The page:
LIVERMORE, Calif. -- The makers of "Star Trek: Into Darkness" went boldly where few have gone before when they visited Lawrence Livermore National Laboratory's National Ignition Facility (NIF), the world's largest and most energetic laser system. With the approval of the Department of Energy, this unique facility was utilized for the first time as a film set.
The filming was conducted in 2012 during a normal maintenance cycle for the facility. All additive costs were completely reimbursed by the film company so as to have no impact on NIF's experimental plan.
Just as the "Star Trek" genre envisions a brighter future for humanity through exploration of the universe, the mission of NIF is to explore physical realms that were previously unobtainable in a laboratory setting. With greater than 50 times more energy of previous lasers, NIF enables the nation to address scientific grand challenges in national security, fusion energy and fundamental science. Built as a centerpiece of the National Nuclear Security Administration's Stockpile Stewardship Program (SSP), NIF provides data required for maintaining the nuclear deterrent without the need for underground testing.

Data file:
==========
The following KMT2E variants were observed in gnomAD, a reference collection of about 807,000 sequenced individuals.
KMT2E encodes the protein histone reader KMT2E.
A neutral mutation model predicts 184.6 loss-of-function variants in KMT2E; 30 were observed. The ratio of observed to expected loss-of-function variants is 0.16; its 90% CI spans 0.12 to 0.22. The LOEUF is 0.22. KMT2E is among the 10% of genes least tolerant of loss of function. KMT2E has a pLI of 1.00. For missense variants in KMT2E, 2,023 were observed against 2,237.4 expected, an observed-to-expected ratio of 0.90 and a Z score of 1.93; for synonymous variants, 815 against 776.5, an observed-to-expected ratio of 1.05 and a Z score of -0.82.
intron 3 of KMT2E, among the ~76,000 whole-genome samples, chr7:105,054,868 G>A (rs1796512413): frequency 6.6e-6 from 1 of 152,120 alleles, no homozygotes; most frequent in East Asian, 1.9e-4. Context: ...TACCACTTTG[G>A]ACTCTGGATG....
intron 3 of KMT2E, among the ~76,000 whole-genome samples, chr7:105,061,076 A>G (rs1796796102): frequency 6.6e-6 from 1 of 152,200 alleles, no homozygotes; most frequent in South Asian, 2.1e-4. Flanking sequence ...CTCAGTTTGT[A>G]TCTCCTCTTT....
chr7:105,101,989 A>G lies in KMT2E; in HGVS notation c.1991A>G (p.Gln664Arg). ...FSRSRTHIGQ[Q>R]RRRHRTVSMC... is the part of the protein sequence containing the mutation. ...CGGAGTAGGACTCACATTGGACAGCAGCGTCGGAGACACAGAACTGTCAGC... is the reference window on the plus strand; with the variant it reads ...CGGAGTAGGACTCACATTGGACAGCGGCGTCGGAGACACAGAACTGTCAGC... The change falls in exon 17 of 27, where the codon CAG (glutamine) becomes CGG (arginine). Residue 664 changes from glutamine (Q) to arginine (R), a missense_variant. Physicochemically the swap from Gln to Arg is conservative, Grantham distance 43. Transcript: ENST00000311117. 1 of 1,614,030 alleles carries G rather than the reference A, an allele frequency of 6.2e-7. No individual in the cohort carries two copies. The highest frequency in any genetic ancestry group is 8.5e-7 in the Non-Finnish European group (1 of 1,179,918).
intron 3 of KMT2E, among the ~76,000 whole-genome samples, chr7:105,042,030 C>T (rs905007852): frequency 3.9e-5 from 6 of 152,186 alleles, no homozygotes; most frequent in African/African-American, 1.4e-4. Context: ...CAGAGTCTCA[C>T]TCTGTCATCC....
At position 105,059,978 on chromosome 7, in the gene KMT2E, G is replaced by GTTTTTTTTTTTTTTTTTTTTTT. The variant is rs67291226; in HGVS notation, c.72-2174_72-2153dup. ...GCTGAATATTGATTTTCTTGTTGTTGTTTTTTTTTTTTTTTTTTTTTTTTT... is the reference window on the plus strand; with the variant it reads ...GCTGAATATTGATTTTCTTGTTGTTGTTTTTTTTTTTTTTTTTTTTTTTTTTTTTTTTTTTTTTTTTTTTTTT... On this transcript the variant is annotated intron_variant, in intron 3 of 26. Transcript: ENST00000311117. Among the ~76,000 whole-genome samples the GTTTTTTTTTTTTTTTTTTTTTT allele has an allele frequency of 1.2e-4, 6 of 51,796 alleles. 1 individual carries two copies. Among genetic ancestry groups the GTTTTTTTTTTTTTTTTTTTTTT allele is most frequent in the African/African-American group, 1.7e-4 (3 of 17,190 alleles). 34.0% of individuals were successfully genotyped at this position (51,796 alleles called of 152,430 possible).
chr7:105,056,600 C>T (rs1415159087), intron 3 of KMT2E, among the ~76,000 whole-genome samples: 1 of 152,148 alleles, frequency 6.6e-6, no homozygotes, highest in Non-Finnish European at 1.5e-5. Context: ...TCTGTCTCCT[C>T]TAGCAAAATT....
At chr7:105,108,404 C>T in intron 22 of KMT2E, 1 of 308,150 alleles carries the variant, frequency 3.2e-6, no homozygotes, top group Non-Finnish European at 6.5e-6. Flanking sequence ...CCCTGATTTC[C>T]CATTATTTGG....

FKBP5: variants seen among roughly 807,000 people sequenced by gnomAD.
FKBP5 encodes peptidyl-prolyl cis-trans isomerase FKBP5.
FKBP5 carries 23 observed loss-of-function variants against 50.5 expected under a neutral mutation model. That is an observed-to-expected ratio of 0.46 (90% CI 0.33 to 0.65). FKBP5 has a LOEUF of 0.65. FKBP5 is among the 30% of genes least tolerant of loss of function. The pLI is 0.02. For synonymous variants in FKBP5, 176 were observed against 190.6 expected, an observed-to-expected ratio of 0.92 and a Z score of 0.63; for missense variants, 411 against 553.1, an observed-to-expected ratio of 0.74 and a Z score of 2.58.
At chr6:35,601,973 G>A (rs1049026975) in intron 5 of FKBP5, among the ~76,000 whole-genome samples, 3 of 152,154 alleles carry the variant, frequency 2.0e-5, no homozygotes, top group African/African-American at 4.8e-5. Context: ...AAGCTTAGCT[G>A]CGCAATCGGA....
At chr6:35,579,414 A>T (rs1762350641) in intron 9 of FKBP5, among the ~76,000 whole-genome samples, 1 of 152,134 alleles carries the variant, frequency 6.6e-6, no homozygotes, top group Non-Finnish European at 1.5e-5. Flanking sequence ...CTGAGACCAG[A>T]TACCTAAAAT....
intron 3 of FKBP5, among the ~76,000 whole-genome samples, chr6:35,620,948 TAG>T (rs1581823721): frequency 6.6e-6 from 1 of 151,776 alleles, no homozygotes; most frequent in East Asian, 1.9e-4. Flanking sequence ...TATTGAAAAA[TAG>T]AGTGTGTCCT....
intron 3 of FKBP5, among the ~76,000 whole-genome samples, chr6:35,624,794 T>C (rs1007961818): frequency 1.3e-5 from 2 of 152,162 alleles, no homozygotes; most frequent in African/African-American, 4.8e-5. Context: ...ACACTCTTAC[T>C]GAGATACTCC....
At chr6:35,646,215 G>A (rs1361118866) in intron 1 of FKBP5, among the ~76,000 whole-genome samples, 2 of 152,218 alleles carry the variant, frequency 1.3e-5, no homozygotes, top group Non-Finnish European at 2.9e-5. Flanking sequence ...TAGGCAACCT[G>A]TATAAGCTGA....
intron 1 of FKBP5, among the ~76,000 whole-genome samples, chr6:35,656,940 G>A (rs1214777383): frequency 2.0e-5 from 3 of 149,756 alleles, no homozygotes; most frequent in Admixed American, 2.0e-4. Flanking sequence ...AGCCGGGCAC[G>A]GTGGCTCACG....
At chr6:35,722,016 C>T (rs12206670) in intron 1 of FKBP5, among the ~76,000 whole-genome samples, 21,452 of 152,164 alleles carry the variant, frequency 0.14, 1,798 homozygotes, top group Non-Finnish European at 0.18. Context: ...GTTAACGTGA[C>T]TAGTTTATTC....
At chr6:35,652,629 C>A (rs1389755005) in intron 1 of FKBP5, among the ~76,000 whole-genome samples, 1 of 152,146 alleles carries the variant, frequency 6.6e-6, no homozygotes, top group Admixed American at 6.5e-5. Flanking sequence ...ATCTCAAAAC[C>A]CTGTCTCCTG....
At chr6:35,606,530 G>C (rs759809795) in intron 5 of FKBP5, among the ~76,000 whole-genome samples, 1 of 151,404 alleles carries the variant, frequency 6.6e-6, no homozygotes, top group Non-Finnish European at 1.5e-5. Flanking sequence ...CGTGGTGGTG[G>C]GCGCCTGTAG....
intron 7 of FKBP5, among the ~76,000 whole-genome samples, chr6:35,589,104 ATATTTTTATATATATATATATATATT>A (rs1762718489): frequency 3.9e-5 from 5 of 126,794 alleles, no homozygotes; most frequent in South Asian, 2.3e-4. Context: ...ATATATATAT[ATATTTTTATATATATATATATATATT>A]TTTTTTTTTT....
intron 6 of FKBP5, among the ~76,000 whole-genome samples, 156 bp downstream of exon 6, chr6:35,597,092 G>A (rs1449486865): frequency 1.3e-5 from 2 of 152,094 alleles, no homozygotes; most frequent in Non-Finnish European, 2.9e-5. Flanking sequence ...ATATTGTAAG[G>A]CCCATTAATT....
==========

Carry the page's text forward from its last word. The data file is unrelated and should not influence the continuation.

|One of many scenes filmed at the National Ignition Facility. Image courtesy of Lawrence Livermore National Laboratory|
NIF is capable of producing temperatures of hundreds of millions of degrees and pressures of hundreds of billions of atmospheres simulating the conditions in the interior of stars and giant planets like Jupiter. NIF experiments, in addition to supporting the SSP, also are probing supernova explosions and the formation of ultra-high energy cosmic rays with particle energies millions of times greater than can be produced in the largest accelerators on earth. In the short period since completion in 2009, NIF has successfully supported important milestones with more than 1,200 experimental shots.
In this manner, NIF brings the world of "Star Trek" into the laboratory to unlock the mysteries of the stars and the universe and provide US leadership in high energy density science. As a result, the facility has become the premier center for high energy density science with a user group spread through 28 states and internationally.
For more information about the National Ignition Facility, visit the Web.